Did you know that there is a species of fish that communicates through puns?
As inconvenient, shameful and unpleasant as they are, the Puns are the fruits of biological needs that we can hardly get rid of. Although this issue has been with us since time immemorial, the fact is that even today humans have not been able to give any usefulness to their flatulence other than emptying a crowded room or entertaining a child using the classic "pull my finger".
Although some people have even raised their gaseous capacities to levels that become almost art forms, the fact is that no species is likely to be as evolved in the use of puns as shoals of herring, which use bubbles to communicate. Yes, that means fish also release gas from behind - even though the origin of this flatulence is different from ours.
While swimming with their shoals, herring puns come out so quickly and intensely that scientists have named the phenomenon “fast, repetitive popping sounds” - an expression that in English forms the acronym FRTs, a pun for the word “Fart” in the language. Emissions last between 0.6 and 7.6 seconds at a time and occur in bursts of anywhere from 7 to 65 pulses, all exiting continuously through the anal duct.
Unlike our puns, however, the gases released by fish do not come from their digestive process, but come from the surface air captured by the animals as they rise to fill their swim bladders. According to the researchers, herring can store the air obtained in this way for at least one day, releasing it only when necessary.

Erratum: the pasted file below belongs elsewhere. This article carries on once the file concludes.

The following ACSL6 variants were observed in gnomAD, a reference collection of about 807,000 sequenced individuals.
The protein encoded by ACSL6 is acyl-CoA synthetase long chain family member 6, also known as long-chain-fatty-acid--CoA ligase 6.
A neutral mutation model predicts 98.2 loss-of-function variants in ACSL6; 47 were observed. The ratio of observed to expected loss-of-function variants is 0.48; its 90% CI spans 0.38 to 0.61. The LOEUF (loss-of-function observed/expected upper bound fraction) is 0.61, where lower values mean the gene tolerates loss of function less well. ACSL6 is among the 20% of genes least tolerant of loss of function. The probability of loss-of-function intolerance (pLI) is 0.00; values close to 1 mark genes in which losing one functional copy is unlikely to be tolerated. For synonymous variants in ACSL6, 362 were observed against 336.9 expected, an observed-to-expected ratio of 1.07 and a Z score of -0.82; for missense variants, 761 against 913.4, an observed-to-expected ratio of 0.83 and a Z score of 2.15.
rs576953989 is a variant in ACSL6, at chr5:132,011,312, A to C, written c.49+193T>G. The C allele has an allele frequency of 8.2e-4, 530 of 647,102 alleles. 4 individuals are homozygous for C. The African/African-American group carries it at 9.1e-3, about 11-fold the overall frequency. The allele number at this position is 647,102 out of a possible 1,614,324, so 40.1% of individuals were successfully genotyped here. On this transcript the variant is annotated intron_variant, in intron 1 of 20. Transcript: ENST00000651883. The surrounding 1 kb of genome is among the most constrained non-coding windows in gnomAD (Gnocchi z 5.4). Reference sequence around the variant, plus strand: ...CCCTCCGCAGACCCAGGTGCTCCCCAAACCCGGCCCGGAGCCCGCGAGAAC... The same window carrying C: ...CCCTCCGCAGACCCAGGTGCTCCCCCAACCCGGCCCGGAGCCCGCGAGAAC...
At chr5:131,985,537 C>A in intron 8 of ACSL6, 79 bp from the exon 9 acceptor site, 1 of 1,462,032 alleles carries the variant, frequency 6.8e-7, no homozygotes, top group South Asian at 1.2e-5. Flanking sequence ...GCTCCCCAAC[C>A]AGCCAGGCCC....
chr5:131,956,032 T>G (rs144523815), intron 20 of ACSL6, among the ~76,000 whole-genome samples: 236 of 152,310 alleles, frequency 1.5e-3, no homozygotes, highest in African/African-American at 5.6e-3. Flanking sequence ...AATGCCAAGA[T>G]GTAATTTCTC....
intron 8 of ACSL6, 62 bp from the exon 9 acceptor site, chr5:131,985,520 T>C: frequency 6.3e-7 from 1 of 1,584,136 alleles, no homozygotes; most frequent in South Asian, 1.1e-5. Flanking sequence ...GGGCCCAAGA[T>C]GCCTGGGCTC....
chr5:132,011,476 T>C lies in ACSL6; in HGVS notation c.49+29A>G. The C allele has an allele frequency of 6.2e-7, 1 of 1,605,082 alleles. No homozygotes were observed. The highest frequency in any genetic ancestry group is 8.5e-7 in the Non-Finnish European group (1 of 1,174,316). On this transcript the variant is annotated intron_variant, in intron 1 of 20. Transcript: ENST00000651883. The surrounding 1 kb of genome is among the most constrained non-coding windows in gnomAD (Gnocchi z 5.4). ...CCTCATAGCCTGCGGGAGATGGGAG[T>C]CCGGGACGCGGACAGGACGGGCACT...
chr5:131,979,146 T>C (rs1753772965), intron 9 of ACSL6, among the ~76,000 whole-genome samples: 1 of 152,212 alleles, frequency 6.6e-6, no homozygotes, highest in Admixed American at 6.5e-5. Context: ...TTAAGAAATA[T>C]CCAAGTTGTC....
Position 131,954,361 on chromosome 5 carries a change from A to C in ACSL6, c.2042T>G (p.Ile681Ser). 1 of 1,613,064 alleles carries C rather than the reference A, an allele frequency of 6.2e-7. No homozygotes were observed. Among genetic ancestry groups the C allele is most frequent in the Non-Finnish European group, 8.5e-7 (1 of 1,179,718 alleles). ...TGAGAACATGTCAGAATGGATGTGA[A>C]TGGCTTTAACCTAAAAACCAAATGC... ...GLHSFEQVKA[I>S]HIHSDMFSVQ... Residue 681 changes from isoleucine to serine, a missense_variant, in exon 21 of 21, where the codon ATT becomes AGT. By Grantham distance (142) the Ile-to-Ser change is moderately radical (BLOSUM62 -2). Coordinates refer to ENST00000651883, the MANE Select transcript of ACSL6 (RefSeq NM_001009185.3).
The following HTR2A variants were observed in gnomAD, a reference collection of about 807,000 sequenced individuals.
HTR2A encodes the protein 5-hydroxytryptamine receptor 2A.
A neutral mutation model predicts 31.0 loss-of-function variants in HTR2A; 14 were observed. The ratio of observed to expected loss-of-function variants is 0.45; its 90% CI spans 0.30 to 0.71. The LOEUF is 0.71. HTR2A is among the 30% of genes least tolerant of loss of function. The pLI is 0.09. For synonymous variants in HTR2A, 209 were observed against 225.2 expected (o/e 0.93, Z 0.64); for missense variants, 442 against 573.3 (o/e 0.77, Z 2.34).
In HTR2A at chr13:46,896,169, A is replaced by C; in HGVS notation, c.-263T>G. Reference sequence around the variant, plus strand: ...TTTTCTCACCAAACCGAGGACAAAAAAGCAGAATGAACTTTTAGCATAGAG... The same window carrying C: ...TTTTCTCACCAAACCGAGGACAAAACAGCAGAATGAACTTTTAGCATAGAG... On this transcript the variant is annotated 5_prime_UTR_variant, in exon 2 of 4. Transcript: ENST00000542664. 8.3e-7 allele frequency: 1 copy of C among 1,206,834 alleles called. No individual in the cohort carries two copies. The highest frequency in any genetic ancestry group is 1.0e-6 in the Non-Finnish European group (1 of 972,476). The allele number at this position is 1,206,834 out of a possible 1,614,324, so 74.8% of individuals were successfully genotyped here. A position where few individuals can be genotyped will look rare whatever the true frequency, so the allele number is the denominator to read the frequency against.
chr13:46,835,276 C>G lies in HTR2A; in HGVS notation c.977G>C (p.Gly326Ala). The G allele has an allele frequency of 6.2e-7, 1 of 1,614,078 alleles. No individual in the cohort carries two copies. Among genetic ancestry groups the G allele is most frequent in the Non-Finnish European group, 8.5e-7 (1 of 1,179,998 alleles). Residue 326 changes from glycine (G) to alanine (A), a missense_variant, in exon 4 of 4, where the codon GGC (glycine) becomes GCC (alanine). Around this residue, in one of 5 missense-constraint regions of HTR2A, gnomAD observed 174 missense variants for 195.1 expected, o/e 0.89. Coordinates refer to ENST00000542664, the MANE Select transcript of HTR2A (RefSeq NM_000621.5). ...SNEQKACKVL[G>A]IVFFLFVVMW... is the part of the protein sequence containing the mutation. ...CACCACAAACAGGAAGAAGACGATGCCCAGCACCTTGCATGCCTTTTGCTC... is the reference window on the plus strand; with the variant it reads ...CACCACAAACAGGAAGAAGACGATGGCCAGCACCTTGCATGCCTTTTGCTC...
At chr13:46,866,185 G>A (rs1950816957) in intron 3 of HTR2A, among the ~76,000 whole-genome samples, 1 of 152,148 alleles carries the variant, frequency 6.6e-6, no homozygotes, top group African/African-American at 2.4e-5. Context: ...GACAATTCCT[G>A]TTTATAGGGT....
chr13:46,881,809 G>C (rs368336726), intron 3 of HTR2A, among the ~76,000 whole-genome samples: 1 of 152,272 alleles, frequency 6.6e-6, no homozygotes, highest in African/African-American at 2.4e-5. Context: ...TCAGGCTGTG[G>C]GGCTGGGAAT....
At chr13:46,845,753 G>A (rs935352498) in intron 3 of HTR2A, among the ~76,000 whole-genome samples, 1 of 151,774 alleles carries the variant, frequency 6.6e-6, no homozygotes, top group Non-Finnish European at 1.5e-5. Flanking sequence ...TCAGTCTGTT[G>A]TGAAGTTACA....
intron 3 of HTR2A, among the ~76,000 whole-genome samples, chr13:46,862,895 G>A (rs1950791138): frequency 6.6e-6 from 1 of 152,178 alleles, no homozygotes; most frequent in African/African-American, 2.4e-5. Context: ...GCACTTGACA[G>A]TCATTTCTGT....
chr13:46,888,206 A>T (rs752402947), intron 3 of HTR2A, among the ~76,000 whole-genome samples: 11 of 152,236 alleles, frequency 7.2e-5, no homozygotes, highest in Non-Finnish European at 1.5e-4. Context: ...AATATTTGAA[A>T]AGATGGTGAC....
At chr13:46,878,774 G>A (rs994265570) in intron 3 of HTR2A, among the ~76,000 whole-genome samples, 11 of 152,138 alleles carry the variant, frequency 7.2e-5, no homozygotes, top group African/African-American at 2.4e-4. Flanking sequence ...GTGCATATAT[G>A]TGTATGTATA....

By observing the times and ways the fish decided to “huff”, scientists realized that the Puns were being used as a means of communication, but could not figure out exactly what was being communicated. Disturbing the water and even using some "shark odor", they noted that the presence of threats does not affect the emission pattern, so that the gases do not act as a warning.
The observation also led to the conclusion that FRTs are unrelated to mating rituals, since herring was not engaging in this type of activity while releasing the gusts. Because fish often work in coordinated groups and even rest together in the dark, the researchers hypothesized that emissions would make them aware of each other's presence.
Worthy of Prize
For this theory to make any sense, however, it would have to be unheard of by predators, as it would also denounce the position of herring to its tormentors. Analyzing the sound of the Puns, the scientists found that the frequency of most FRTs is above 2 kHz, which is beyond the “known ear range of most predatory fish” - even though it can be heard by marine mammals.
Although not fully proven, this theory is plausible and would help explain how a typical school of herring maintains the precise distance between each of its members. For now, there are still no ways to apply the methodology discovered in fish to human funs and the practical advantages of this study remain unknown.
The researchers, however, have already received recognition for their work, which came in the form of the mocking IgNobel Prize. Other award winners include the group of researchers who found that strippers earn more when they are at the height of their fertility, and the team that stated that people consistently make certain decisions better and others worse when they want to pee.